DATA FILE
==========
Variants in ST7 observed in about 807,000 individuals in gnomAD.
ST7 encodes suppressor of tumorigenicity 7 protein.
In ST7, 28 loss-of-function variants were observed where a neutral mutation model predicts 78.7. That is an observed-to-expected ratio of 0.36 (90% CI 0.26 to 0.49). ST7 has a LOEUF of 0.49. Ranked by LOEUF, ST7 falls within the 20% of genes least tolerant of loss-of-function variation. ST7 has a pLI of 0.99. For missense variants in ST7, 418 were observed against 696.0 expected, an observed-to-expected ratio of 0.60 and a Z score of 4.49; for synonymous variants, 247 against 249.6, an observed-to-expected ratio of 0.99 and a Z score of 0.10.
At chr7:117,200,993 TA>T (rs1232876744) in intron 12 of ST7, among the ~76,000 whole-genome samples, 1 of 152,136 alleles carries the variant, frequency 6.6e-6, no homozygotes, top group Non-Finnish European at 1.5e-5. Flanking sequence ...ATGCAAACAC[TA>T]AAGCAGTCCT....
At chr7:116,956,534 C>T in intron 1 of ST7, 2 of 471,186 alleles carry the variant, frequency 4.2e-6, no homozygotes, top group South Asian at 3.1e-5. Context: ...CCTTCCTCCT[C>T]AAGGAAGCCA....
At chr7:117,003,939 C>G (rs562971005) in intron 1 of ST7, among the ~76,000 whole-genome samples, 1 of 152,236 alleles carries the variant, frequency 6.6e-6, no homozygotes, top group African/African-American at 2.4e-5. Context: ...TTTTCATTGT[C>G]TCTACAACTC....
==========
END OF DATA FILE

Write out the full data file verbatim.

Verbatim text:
Variants in ST7 observed in about 807,000 individuals in gnomAD.
ST7 encodes suppressor of tumorigenicity 7 protein.
In ST7, 28 loss-of-function variants were observed where a neutral mutation model predicts 78.7. That is an observed-to-expected ratio of 0.36 (90% CI 0.26 to 0.49). ST7 has a LOEUF of 0.49. Ranked by LOEUF, ST7 falls within the 20% of genes least tolerant of loss-of-function variation. ST7 has a pLI of 0.99. For missense variants in ST7, 418 were observed against 696.0 expected, an observed-to-expected ratio of 0.60 and a Z score of 4.49; for synonymous variants, 247 against 249.6, an observed-to-expected ratio of 0.99 and a Z score of 0.10.
At chr7:117,200,993 TA>T (rs1232876744) in intron 12 of ST7, among the ~76,000 whole-genome samples, 1 of 152,136 alleles carries the variant, frequency 6.6e-6, no homozygotes, top group Non-Finnish European at 1.5e-5. Flanking sequence ...ATGCAAACAC[TA>T]AAGCAGTCCT....
At chr7:116,956,534 C>T in intron 1 of ST7, 2 of 471,186 alleles carry the variant, frequency 4.2e-6, no homozygotes, top group South Asian at 3.1e-5. Context: ...CCTTCCTCCT[C>T]AAGGAAGCCA....
At chr7:117,003,939 C>G (rs562971005) in intron 1 of ST7, among the ~76,000 whole-genome samples, 1 of 152,236 alleles carries the variant, frequency 6.6e-6, no homozygotes, top group African/African-American at 2.4e-5. Context: ...TTTTCATTGT[C>G]TCTACAACTC....